MVP Without Code: 5 Ways to Create an MVP Without Any Technical Or Coding Knowledge (with Examples)

Prakhar Singh
Sep 26 · 9 min read
Non-technical founder working on a smartphone app, circa 2014, colorized.

What Is An MVP?

You’ve probably heard the term MVP thrown around a lot and it sure sounds important but what exactly is it?

Eric Ries, the man who came up with the concept defines it as

“that version of a new product which allows a team to collect the maximum amount of validated learning about customers with the least effort”.

Ash Maurya, creator of Lean Canvas puts it as:

“the smallest thing you can build that delivers customer value (and as a bonus captures some of that value back i.e. gets you paid)”

In a nutshell, an MVP is that version of your product that you can create with the least effort while offering max (or a lot of) value. It could be a demo or a prototype with just the core functionalities or something as simple as a pen-paper interview with your users.

Purpose Of An MVP

Before starting any venture, you need information. But Eris Ries disagrees — information in its raw form is not enough to start an ultimately successful business, which is why he uses the term “validated learning” in his definition of an MVP. Validated learning means knowledge that has been tested and validated by the end-user and information that you can use to tune your product to perfection — it’s the main purpose of using an MVP.

“Learning is useless. Validated learning is everything.’

Eric Ries

Do you remember Crystal Pepsi? If you don’t that’s probably because it was launched and subsequently pulled from the market in three years. PepsiCo pulled the plug on Crystal Pepsi because they made a grave mistake — they didn’t validate their assumption. The 90s saw a new craze in the soda market — clear drinks that were supposedly healthier. Except that they really weren’t.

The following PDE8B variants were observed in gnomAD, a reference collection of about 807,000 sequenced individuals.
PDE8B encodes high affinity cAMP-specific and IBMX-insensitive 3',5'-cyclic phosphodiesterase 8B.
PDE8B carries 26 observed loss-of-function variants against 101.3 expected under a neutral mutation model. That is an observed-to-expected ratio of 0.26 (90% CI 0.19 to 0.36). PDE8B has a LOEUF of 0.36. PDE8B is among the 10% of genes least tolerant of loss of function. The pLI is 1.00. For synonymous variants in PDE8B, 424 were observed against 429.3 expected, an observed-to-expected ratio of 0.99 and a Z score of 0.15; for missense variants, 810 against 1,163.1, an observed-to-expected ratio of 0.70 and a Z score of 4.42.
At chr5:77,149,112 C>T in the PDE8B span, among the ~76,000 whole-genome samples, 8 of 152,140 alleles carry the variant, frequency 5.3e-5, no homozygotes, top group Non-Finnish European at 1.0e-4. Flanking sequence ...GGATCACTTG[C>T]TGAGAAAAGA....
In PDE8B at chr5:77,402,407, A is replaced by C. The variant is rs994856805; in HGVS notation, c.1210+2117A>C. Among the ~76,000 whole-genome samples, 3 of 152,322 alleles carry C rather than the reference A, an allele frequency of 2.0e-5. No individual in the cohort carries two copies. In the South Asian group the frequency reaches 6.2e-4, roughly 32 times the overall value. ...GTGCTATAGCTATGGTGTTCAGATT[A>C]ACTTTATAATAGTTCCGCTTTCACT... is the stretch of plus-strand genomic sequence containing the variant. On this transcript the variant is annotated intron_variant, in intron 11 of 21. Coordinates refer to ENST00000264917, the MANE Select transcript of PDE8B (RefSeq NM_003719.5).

Pepsi saw this surge in popularity and tried to cash in by launching Crystal Pepsi but if had they done more market research they would’ve realized that they missed one critical part — in people’s minds Cola is supposed to be brown. It had been for over a century and suddenly it wasn’t. The market did not accept the different colors as well as the changed taste.

PepsiCo wasn’t alone in mistaking widely accepted statements as facts, hundreds of startups do too. And end up failing. That’s where an MVP comes in, it separates beliefs from facts. It tells you what is likely to work and what’s not.

What Types of MVPs Are There? (with examples)

You’ve decided on the most critical features of your product — now you need to test them. Depending on what your product is and how much effort you’re willing to put in, you could choose one of the following MVP models:

  1. Smoke Tests

The purpose of an MVP is to validate an idea and it can be just that — an idea, not a product. In its simplest form, a smoke test is a “live web page to which you direct traffic”. This landing page describes your product and what it will do. Of course, you also need to measure the level of interest or get feedback in some way. Most people use a newsletter that interested customers can sign up for and reach out to them at a later date with a finished product.

Is it wrong to try and sell a product that doesn’t exist? Not really. According to Eric Ries, one out of three things can happen. First, you’ll have a conversation rate of zero in which case you don’t have to do anything. Second, you get a few people genuinely interested but not as many as you need, in this case, write a polite note of apology. Or third, you get a ton of interested people, in which case, you start building an actual product.

Example: Buffer

“I started coding Buffer before I’d tested the viability of the business. As soon as I realized that, I stopped, took a deep breath and told myself: do it the right way this time. It was time to test whether people wanted this product.”

- Joel Gascoigne, founder of Buffer